Hampshire & Isle of Wight

Southampton City Council objects to biomass power station

Biomass plant
Image caption Helius Energy has amended its designs, in response to opposition

A proposed £300m biomass power station in Southampton has been opposed by the city council.

Helius Energy wants to build the wood-fired plant in Southampton's Western Docks, but a councillor has branded it an "enormous eyesore".

Richard Williams, leader of Southampton City Council, said: "We are sending a clear signal that Southampton does not want their proposed power station."

The company said the 100-megawatt plant would generate power for 200,000 homes.

It moved the intended site 125m (410ft) further away from homes and amended its design, in response to opposition.

But Mr Williams, of the Labour-run council, said: "This project is simply too big, too close to people's homes and too ill-thought out to go ahead as developers want.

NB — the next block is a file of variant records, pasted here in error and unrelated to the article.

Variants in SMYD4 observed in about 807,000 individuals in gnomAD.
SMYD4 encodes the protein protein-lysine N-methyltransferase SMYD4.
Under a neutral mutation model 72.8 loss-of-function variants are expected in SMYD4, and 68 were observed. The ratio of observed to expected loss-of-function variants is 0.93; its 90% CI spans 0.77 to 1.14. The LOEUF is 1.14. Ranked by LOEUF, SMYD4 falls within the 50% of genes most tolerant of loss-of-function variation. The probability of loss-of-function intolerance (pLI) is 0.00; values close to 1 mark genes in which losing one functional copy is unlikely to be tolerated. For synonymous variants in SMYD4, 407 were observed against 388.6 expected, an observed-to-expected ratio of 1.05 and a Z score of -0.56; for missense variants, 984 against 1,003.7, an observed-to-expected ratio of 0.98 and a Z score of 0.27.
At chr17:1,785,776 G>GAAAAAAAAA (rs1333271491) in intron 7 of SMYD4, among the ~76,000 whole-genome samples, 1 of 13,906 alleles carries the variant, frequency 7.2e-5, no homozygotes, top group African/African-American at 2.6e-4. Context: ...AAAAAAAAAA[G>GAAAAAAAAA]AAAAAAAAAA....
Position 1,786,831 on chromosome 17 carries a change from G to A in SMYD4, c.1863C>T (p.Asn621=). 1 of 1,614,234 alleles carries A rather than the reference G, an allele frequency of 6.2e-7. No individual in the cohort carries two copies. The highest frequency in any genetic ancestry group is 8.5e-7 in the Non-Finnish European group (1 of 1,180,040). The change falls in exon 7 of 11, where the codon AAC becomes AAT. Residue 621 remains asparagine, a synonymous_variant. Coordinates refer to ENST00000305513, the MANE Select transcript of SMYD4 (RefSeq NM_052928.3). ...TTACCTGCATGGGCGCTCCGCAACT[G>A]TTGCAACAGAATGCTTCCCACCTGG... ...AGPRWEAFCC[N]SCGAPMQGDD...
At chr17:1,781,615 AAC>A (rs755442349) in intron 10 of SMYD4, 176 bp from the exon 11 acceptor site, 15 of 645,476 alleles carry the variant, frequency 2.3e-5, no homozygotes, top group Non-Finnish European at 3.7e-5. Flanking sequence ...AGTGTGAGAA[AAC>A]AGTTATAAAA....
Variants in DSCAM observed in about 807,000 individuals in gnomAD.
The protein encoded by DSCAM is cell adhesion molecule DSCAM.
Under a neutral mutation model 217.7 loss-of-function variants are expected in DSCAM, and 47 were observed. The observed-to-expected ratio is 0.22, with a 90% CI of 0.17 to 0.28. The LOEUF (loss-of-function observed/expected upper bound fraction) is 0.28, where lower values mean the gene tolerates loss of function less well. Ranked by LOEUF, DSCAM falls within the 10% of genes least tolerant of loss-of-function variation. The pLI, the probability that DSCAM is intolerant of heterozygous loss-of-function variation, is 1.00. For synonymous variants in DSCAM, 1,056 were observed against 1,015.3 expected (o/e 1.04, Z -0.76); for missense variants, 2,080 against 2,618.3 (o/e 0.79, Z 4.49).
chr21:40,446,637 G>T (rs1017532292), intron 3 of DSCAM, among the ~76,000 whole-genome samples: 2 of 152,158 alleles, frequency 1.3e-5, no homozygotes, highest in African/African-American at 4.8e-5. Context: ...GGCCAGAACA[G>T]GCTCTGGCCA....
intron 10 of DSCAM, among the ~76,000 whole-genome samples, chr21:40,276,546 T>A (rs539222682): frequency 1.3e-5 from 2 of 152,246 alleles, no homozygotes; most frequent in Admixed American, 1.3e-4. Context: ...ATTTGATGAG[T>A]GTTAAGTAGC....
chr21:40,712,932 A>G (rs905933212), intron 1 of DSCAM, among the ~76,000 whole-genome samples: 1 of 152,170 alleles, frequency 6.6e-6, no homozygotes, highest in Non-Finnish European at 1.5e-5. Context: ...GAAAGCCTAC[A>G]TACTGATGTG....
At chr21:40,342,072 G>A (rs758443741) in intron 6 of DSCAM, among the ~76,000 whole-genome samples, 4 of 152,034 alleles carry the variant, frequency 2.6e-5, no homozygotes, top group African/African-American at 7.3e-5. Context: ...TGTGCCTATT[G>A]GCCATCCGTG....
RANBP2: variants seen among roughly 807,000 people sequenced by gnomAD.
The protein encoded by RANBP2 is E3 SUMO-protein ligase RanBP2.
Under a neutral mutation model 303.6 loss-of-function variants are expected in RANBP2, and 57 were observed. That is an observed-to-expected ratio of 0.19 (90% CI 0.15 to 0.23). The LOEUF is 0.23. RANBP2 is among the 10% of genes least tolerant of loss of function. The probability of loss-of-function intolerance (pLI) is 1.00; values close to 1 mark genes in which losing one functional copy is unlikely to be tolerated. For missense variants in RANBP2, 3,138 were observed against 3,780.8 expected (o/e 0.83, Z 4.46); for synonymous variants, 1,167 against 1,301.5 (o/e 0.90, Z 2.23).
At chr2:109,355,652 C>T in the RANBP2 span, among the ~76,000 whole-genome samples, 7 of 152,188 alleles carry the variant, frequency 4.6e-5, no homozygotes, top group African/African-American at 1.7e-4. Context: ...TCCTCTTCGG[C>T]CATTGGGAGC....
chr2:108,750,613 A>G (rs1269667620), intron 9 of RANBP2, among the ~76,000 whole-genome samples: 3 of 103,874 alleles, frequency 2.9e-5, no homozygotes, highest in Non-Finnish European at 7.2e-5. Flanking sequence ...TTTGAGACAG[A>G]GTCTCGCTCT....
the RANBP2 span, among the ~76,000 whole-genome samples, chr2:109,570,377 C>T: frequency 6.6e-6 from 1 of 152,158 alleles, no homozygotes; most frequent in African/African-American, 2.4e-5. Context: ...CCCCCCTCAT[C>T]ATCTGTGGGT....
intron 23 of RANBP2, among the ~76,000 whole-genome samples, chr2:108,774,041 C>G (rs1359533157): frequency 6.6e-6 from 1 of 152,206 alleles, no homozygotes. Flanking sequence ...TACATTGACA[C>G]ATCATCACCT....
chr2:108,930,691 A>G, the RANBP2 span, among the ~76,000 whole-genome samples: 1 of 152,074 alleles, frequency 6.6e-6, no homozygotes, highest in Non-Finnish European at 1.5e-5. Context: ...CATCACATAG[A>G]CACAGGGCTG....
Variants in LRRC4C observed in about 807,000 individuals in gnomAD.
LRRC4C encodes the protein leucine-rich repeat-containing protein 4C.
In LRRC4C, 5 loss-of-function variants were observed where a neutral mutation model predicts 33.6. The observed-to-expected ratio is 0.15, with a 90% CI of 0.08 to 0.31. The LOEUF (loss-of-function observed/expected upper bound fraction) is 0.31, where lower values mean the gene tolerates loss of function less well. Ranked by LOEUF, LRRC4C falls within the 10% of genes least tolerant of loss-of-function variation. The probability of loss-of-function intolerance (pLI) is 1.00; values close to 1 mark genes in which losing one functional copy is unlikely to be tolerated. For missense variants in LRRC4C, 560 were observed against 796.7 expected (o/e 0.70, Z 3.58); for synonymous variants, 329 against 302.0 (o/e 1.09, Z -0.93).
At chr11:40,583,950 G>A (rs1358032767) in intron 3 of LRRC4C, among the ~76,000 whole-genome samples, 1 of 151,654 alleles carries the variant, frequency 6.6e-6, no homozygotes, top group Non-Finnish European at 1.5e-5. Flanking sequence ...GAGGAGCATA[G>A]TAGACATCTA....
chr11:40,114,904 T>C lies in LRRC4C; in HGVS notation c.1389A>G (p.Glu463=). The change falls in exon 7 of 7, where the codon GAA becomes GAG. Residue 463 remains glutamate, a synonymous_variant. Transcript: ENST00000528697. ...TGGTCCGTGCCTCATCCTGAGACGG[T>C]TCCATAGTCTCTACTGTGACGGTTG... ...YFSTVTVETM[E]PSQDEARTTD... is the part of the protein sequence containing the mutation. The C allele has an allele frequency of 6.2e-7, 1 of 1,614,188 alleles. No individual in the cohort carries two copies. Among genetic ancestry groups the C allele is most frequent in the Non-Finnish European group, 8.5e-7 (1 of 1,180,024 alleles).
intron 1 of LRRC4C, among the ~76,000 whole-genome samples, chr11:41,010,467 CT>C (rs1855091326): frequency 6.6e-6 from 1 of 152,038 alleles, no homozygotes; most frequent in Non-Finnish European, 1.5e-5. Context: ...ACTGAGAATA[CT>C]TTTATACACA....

"They have not committed to bringing any benefit to local people and businesses affected by the power plant - such as the potentially free heat and energy that could be supplied locally from its processes.

"Unless they can address questions about air quality, impact on the environment and the reuse of waste heat and power generated on site, we will continue to object to this enormous eyesore being built in our city."

A holding objection was unanimously agreed by the planning and rights of way panel.

In April, protest group No Southampton Biomass handed 150 objection letters and a 3,602-signature petition to Helius Energy and the city council.

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